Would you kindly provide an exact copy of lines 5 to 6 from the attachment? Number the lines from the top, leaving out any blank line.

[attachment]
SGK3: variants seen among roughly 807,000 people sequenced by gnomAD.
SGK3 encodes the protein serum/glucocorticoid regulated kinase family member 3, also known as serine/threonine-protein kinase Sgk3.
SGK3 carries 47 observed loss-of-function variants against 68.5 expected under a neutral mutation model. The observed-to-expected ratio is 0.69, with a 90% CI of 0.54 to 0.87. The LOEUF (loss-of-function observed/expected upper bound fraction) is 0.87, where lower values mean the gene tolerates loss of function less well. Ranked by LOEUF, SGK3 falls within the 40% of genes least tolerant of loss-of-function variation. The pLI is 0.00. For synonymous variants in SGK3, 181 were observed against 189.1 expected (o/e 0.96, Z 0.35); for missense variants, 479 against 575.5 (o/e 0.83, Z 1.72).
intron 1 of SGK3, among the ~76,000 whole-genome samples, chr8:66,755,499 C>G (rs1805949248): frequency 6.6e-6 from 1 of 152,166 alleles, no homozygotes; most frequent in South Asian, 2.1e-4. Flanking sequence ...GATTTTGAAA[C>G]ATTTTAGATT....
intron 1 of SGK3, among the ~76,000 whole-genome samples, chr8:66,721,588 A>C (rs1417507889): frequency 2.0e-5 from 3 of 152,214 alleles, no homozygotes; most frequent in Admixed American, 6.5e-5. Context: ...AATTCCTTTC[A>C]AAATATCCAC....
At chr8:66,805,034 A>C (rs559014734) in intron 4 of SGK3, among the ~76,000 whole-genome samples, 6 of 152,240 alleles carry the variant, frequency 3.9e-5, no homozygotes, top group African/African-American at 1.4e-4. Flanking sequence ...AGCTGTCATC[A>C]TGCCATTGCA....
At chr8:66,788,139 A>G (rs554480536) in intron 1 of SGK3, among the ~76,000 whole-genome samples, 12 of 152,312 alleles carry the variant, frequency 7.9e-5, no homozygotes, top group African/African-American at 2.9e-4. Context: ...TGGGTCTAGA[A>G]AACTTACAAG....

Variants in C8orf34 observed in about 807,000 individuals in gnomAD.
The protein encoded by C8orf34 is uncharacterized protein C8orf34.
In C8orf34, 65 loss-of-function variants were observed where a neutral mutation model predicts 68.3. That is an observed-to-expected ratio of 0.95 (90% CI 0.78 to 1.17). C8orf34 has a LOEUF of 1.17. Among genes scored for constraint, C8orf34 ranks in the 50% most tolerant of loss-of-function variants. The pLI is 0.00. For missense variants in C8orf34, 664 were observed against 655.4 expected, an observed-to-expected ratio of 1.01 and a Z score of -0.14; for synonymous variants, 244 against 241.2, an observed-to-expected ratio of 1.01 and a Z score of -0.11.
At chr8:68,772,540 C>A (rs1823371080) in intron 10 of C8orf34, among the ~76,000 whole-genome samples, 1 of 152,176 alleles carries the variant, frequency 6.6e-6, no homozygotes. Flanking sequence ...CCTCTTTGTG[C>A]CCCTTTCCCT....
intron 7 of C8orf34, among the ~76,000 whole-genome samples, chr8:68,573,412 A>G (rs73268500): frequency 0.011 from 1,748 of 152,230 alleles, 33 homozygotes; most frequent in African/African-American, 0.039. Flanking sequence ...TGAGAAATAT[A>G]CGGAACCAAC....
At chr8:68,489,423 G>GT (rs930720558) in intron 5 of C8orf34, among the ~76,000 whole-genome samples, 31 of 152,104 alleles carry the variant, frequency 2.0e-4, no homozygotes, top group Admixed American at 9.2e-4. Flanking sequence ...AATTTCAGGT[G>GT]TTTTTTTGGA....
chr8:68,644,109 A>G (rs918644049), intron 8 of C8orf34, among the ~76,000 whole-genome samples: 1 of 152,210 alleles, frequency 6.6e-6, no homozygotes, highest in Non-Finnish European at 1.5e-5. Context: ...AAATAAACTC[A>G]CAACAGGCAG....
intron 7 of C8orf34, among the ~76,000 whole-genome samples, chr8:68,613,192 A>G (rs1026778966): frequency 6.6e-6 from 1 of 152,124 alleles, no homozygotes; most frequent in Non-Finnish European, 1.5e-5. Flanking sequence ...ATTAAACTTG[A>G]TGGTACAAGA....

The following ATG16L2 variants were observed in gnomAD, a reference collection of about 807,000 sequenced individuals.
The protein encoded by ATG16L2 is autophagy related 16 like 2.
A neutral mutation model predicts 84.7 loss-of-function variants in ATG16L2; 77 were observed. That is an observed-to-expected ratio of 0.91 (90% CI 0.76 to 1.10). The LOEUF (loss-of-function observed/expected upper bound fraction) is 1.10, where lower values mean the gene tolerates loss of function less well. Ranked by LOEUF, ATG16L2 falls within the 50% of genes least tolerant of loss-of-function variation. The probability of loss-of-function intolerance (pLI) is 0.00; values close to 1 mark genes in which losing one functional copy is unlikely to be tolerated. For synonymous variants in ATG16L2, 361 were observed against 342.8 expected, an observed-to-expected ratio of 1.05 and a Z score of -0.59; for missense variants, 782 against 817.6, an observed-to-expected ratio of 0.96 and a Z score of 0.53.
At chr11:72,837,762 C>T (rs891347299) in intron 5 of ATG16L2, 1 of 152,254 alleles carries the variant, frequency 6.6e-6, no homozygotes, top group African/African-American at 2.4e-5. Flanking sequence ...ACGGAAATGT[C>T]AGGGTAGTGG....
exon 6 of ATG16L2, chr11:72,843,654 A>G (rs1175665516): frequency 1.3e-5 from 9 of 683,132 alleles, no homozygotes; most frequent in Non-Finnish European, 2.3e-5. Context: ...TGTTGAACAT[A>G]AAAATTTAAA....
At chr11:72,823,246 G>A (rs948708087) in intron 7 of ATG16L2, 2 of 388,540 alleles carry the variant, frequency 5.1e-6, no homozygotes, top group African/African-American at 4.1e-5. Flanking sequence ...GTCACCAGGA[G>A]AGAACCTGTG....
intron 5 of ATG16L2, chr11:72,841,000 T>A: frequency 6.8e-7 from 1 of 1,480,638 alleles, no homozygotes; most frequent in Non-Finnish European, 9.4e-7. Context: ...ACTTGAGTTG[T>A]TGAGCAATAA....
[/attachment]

intron 1 of SGK3, among the ~76,000 whole-genome samples, chr8:66,721,588 A>C (rs1417507889): frequency 2.0e-5 from 3 of 152,214 alleles, no homozygotes; most frequent in Admixed American, 6.5e-5. Context: ...AATTCCTTTC[A>C]AAATATCCAC....
At chr8:66,805,034 A>C (rs559014734) in intron 4 of SGK3, among the ~76,000 whole-genome samples, 6 of 152,240 alleles carry the variant, frequency 3.9e-5, no homozygotes, top group African/African-American at 1.4e-4. Flanking sequence ...AGCTGTCATC[A>C]TGCCATTGCA....